Rapid industrial expansion in China has led to increased migration from the country side to the cities. Although it is difficult to get exact figures, as the situation is always progressing. This results in a large ‘floating population’ of workers who live between both the cities and their home towns. When returning to the villages, migrants may find they have an increased social standing. Workers may feel relieved to return to their homes after suffering from discrimination in the cities. However alienation and a general dissatisfaction with the rural way of life may also occur. They may feel trapped by the patriarchal structure and hard labour they were once used to.
Migration can be stressful and requires many new adjustments. Actual experiences of working in an urban environment can be very different from expectations. The general illusion that money will equal happiness may have negative health effects. The relationship between migration and health is very complex. Necessities such as housing and nutrition are directly related to the prevalence of disease, and these may not be available to Chinese migrants. Although the registration system that was put into effect under President Mao is not longer, access to health care may still be difficult and problematic. During Mao’s time, it would have been impossible for workers to access health care in urban areas because they wouldn’t have been registered there.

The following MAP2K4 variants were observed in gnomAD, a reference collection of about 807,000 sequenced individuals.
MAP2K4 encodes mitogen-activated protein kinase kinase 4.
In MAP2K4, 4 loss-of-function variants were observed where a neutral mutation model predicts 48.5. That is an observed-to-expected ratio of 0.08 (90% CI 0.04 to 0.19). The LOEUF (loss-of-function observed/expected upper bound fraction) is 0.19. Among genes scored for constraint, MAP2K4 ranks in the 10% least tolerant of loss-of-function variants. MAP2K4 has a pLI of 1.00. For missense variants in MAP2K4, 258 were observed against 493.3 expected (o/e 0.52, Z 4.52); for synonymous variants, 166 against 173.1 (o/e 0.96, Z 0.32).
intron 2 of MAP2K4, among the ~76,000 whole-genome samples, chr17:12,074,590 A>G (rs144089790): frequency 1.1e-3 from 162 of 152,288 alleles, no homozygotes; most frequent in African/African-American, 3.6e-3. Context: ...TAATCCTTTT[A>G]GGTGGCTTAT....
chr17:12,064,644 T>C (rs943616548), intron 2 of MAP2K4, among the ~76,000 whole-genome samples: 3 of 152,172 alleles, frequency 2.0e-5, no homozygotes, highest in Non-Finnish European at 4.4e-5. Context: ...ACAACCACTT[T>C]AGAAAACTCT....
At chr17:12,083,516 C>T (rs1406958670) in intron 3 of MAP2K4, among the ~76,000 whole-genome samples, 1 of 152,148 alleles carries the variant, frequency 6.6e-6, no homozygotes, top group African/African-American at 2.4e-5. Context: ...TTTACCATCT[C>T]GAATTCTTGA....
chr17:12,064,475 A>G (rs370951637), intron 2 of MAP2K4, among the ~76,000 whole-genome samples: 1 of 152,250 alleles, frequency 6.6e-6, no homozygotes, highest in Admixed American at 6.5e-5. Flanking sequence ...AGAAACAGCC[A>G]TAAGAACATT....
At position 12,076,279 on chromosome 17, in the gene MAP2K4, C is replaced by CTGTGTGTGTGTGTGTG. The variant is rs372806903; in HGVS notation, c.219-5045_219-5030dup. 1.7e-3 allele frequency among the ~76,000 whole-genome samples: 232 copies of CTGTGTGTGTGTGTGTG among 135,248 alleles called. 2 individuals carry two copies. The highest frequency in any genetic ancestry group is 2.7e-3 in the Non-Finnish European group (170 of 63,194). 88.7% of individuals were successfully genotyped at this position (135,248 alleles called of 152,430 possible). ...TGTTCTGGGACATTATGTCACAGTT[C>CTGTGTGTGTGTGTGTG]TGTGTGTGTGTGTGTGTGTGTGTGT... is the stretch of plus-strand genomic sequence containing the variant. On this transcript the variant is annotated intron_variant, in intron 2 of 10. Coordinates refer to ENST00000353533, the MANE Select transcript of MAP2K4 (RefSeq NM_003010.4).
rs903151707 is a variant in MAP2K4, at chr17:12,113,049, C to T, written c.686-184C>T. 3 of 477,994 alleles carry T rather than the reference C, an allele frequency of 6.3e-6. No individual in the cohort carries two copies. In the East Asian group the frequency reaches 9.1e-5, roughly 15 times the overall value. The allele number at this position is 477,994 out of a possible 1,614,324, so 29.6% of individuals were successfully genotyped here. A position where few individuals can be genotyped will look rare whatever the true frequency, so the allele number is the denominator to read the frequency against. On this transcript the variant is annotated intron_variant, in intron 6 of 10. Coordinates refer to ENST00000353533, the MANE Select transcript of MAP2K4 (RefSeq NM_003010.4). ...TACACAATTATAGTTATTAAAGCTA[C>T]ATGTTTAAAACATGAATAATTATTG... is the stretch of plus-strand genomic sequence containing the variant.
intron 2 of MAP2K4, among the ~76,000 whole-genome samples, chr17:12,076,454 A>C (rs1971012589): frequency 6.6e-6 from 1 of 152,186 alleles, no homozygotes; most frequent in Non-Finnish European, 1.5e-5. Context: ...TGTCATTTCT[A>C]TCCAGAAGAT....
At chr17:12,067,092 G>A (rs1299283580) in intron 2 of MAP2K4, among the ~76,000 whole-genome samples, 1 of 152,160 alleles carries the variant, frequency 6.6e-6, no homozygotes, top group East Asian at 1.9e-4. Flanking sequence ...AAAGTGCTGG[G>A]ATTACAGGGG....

Migration can cause labour shortages in the village, which may result in negative health effects for the remaining population, as they are having to work harder. The women left behind may also suffer from sexually transmitted infections as a result of migration. It is very common for migrant men to have a ‘city wife’ while away. Any disease that they may have picked up in this time will be brought home to their wife. Individuals both in the cities and the villages may also experience feelings of loneliness and abandonment that are detrimental to their wellbeing.
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The basic principles of migration health: population mobility and gaps in disease prevalence. Gushilak and Macpherson 2006. 3,3 Emerging themes in Edipedemiology.
On the move: women and rural to urban migration in contemporary China. Gaetano, Jacka 2004. 4 2004. Columbia University Press, New York.